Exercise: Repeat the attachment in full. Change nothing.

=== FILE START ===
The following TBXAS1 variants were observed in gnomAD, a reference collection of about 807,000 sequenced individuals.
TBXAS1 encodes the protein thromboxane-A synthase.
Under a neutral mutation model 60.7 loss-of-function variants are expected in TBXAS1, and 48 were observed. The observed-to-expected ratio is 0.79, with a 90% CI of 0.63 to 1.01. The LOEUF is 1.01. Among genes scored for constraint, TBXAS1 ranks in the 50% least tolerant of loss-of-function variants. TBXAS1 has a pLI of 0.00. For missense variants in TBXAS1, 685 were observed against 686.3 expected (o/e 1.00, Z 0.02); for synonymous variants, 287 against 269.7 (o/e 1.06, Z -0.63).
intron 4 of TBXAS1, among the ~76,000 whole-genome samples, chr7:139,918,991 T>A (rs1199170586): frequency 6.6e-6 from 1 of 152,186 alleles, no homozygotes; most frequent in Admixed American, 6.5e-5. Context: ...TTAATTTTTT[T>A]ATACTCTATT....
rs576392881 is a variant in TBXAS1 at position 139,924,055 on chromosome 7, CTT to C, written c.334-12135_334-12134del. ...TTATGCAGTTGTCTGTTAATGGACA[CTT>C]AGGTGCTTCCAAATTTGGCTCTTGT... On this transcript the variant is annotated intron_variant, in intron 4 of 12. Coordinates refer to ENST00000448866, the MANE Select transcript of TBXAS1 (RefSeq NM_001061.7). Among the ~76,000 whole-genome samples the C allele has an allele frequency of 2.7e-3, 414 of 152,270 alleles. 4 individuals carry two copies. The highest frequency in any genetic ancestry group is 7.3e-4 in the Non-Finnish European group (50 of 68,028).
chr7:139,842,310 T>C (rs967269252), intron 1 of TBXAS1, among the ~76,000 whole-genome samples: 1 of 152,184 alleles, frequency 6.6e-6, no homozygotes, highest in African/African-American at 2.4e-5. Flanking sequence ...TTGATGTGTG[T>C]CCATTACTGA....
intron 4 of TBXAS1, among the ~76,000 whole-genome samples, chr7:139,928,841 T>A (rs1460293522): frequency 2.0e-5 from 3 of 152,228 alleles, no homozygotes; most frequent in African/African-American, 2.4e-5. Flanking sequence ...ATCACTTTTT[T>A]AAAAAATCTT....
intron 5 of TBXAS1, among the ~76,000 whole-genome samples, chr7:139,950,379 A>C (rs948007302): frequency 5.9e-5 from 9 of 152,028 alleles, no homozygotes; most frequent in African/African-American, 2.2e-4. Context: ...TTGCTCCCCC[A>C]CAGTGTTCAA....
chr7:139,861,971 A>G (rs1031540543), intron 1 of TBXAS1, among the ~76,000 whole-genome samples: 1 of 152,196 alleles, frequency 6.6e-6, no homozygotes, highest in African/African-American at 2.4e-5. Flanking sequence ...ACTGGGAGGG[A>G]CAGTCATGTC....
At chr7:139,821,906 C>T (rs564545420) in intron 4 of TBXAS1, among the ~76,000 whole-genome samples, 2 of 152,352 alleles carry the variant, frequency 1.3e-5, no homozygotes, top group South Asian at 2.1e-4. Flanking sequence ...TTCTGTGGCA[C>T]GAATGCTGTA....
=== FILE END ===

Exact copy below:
The following TBXAS1 variants were observed in gnomAD, a reference collection of about 807,000 sequenced individuals.
TBXAS1 encodes the protein thromboxane-A synthase.
Under a neutral mutation model 60.7 loss-of-function variants are expected in TBXAS1, and 48 were observed. The observed-to-expected ratio is 0.79, with a 90% CI of 0.63 to 1.01. The LOEUF is 1.01. Among genes scored for constraint, TBXAS1 ranks in the 50% least tolerant of loss-of-function variants. TBXAS1 has a pLI of 0.00. For missense variants in TBXAS1, 685 were observed against 686.3 expected (o/e 1.00, Z 0.02); for synonymous variants, 287 against 269.7 (o/e 1.06, Z -0.63).
intron 4 of TBXAS1, among the ~76,000 whole-genome samples, chr7:139,918,991 T>A (rs1199170586): frequency 6.6e-6 from 1 of 152,186 alleles, no homozygotes; most frequent in Admixed American, 6.5e-5. Context: ...TTAATTTTTT[T>A]ATACTCTATT....
rs576392881 is a variant in TBXAS1 at position 139,924,055 on chromosome 7, CTT to C, written c.334-12135_334-12134del. ...TTATGCAGTTGTCTGTTAATGGACA[CTT>C]AGGTGCTTCCAAATTTGGCTCTTGT... On this transcript the variant is annotated intron_variant, in intron 4 of 12. Coordinates refer to ENST00000448866, the MANE Select transcript of TBXAS1 (RefSeq NM_001061.7). Among the ~76,000 whole-genome samples the C allele has an allele frequency of 2.7e-3, 414 of 152,270 alleles. 4 individuals carry two copies. The highest frequency in any genetic ancestry group is 7.3e-4 in the Non-Finnish European group (50 of 68,028).
chr7:139,842,310 T>C (rs967269252), intron 1 of TBXAS1, among the ~76,000 whole-genome samples: 1 of 152,184 alleles, frequency 6.6e-6, no homozygotes, highest in African/African-American at 2.4e-5. Flanking sequence ...TTGATGTGTG[T>C]CCATTACTGA....
intron 4 of TBXAS1, among the ~76,000 whole-genome samples, chr7:139,928,841 T>A (rs1460293522): frequency 2.0e-5 from 3 of 152,228 alleles, no homozygotes; most frequent in African/African-American, 2.4e-5. Flanking sequence ...ATCACTTTTT[T>A]AAAAAATCTT....
intron 5 of TBXAS1, among the ~76,000 whole-genome samples, chr7:139,950,379 A>C (rs948007302): frequency 5.9e-5 from 9 of 152,028 alleles, no homozygotes; most frequent in African/African-American, 2.2e-4. Context: ...TTGCTCCCCC[A>C]CAGTGTTCAA....
chr7:139,861,971 A>G (rs1031540543), intron 1 of TBXAS1, among the ~76,000 whole-genome samples: 1 of 152,196 alleles, frequency 6.6e-6, no homozygotes, highest in African/African-American at 2.4e-5. Flanking sequence ...ACTGGGAGGG[A>G]CAGTCATGTC....
At chr7:139,821,906 C>T (rs564545420) in intron 4 of TBXAS1, among the ~76,000 whole-genome samples, 2 of 152,352 alleles carry the variant, frequency 1.3e-5, no homozygotes, top group South Asian at 2.1e-4. Flanking sequence ...TTCTGTGGCA[C>T]GAATGCTGTA....